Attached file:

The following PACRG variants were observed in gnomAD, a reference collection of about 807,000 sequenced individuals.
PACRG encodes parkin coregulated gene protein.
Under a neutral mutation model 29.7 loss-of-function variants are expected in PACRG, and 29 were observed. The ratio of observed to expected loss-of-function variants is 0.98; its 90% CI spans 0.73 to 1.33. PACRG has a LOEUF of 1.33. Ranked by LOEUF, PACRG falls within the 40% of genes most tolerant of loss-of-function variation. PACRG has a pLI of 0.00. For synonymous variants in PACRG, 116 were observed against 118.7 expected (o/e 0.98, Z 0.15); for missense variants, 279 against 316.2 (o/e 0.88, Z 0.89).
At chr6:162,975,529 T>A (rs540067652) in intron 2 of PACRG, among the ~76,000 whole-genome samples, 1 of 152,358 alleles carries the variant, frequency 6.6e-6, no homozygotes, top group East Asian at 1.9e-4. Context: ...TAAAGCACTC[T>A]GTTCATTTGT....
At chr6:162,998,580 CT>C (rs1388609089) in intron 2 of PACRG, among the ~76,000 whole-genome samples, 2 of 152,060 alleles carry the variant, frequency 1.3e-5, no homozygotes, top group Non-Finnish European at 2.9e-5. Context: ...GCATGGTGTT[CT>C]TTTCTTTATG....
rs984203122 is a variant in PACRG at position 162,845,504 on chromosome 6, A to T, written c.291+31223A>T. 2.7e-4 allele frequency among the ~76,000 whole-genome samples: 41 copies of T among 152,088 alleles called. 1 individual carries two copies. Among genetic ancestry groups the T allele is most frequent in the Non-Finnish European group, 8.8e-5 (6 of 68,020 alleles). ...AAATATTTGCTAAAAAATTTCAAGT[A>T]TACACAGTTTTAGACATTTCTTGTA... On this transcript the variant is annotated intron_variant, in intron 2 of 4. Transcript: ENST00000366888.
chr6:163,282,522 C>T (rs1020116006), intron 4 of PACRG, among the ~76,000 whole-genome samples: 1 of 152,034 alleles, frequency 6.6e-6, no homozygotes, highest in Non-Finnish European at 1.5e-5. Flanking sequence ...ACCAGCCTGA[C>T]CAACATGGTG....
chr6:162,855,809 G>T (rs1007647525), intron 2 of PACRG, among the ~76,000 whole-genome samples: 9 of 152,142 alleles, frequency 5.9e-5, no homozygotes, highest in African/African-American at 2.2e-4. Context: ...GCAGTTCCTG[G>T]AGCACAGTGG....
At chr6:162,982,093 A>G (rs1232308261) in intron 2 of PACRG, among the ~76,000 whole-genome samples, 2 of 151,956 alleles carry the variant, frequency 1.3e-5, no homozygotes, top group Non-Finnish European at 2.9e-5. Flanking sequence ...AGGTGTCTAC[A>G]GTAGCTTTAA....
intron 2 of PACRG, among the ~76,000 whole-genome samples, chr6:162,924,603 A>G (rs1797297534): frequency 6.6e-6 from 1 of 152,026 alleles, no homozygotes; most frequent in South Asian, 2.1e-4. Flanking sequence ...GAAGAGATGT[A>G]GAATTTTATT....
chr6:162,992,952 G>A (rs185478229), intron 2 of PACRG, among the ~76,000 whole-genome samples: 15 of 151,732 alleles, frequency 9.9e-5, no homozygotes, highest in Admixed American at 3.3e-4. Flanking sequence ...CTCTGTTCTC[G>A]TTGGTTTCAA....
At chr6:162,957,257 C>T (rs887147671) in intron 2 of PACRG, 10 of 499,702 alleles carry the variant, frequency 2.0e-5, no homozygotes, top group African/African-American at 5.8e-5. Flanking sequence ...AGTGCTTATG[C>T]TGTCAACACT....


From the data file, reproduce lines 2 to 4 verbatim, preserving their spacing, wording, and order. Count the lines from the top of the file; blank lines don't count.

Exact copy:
PACRG encodes parkin coregulated gene protein.
Under a neutral mutation model 29.7 loss-of-function variants are expected in PACRG, and 29 were observed. The ratio of observed to expected loss-of-function variants is 0.98; its 90% CI spans 0.73 to 1.33. PACRG has a LOEUF of 1.33. Ranked by LOEUF, PACRG falls within the 40% of genes most tolerant of loss-of-function variation. PACRG has a pLI of 0.00. For synonymous variants in PACRG, 116 were observed against 118.7 expected (o/e 0.98, Z 0.15); for missense variants, 279 against 316.2 (o/e 0.88, Z 0.89).
At chr6:162,975,529 T>A (rs540067652) in intron 2 of PACRG, among the ~76,000 whole-genome samples, 1 of 152,358 alleles carries the variant, frequency 6.6e-6, no homozygotes, top group East Asian at 1.9e-4. Context: ...TAAAGCACTC[T>A]GTTCATTTGT....